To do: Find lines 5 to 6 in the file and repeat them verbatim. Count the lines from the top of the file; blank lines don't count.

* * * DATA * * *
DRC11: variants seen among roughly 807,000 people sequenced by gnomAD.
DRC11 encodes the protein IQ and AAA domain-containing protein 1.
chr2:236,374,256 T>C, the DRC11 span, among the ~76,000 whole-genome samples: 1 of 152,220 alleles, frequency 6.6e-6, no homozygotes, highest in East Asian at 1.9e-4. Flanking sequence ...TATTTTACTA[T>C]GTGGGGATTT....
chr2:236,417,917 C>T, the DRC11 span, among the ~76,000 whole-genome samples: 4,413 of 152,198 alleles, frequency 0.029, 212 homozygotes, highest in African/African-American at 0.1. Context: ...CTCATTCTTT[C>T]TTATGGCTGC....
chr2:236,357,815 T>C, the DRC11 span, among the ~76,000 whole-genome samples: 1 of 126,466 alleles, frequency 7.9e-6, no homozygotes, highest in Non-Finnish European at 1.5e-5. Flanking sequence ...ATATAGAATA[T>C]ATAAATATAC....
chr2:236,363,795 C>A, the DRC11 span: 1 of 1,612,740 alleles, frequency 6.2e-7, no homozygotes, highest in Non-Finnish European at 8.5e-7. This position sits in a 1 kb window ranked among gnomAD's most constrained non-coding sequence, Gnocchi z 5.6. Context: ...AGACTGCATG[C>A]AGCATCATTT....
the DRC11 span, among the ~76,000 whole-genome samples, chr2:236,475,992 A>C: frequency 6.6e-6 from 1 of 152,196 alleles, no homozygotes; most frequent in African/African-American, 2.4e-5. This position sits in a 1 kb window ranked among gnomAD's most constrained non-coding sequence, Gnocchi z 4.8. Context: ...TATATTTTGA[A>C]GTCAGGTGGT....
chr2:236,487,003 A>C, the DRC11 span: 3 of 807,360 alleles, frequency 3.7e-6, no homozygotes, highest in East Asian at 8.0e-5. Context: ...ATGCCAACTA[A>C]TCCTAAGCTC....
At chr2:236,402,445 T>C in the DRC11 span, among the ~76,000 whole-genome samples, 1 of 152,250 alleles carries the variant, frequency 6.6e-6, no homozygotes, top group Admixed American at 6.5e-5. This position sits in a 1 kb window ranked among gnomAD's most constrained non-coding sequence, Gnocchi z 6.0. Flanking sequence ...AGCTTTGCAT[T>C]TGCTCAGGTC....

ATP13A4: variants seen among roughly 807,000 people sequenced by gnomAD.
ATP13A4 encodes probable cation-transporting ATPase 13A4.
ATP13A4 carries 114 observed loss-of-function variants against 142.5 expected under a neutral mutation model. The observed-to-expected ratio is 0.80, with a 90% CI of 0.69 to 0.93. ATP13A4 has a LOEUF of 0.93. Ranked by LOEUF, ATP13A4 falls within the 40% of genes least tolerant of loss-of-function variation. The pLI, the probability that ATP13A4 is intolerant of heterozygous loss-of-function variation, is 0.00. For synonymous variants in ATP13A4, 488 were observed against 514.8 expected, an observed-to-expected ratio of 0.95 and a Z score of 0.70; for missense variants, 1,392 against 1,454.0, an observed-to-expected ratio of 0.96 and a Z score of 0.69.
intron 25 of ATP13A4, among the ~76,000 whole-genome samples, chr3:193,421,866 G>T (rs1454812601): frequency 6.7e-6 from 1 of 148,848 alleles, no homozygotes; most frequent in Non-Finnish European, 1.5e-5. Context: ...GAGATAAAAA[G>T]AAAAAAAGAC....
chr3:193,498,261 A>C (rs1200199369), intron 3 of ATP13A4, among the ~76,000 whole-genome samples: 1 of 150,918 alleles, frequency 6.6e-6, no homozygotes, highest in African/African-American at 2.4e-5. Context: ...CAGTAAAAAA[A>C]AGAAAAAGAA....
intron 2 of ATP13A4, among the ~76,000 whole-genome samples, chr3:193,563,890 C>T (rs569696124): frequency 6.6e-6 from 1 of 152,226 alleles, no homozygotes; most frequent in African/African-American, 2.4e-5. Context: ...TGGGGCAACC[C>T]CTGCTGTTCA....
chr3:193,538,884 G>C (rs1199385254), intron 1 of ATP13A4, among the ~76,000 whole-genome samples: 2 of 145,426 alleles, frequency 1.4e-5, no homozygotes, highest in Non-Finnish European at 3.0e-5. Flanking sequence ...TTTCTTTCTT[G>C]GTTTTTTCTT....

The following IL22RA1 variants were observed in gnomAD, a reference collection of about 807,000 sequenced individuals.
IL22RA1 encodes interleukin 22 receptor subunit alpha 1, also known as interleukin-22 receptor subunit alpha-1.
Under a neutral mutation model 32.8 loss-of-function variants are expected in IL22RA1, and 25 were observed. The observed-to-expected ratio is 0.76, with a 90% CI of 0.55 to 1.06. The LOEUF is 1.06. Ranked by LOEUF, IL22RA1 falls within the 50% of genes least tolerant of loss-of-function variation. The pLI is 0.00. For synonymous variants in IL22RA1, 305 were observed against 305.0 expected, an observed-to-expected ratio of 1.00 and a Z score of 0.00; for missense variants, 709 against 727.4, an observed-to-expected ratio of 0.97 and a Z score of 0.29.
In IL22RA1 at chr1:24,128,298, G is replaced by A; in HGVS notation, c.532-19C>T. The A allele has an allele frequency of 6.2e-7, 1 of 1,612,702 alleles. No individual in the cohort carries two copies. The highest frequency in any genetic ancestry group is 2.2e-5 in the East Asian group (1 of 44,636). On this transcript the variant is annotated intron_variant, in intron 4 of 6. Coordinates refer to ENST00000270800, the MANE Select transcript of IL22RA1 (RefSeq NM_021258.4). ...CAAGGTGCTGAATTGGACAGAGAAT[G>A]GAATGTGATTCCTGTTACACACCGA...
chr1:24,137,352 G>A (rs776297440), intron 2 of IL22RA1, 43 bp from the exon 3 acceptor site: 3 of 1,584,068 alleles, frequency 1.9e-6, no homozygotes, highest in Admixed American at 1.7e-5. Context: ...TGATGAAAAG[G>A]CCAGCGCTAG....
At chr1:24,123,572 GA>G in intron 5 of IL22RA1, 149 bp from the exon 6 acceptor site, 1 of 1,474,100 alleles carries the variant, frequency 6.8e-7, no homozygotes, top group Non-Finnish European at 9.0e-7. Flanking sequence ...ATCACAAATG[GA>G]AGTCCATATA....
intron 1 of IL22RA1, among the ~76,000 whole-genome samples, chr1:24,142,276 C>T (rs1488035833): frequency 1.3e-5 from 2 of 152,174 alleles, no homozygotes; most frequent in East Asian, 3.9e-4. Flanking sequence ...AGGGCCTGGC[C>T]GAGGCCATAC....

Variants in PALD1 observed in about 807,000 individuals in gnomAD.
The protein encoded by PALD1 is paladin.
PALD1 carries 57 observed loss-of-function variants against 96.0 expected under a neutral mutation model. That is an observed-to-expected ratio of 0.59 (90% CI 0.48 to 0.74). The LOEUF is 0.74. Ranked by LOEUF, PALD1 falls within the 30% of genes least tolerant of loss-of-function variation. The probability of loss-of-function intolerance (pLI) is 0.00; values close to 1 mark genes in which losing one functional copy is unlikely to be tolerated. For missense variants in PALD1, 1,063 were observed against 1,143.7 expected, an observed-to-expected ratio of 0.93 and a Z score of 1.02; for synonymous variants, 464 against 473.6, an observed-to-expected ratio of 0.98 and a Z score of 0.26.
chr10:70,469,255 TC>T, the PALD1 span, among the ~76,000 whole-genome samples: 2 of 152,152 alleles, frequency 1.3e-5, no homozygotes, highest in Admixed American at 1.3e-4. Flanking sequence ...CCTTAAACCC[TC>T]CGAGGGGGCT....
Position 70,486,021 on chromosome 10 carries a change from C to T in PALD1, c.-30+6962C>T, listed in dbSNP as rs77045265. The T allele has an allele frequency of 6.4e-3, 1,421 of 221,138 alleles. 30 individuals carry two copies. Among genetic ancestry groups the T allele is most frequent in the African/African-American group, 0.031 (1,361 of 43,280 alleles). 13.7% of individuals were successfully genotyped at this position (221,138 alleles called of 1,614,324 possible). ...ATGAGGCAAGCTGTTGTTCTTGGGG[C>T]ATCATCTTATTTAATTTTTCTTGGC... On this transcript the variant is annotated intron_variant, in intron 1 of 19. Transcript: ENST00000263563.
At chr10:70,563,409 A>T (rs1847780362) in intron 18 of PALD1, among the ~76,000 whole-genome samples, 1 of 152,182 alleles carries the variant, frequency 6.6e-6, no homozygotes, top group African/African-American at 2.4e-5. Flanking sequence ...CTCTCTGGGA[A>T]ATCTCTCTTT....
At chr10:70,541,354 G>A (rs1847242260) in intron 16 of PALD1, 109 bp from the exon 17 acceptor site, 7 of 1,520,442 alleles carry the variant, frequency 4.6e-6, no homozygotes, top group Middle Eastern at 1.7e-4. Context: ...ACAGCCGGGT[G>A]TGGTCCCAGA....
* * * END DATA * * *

chr2:236,357,815 T>C, the DRC11 span, among the ~76,000 whole-genome samples: 1 of 126,466 alleles, frequency 7.9e-6, no homozygotes, highest in Non-Finnish European at 1.5e-5. Flanking sequence ...ATATAGAATA[T>C]ATAAATATAC....
chr2:236,363,795 C>A, the DRC11 span: 1 of 1,612,740 alleles, frequency 6.2e-7, no homozygotes, highest in Non-Finnish European at 8.5e-7. This position sits in a 1 kb window ranked among gnomAD's most constrained non-coding sequence, Gnocchi z 5.6. Context: ...AGACTGCATG[C>A]AGCATCATTT....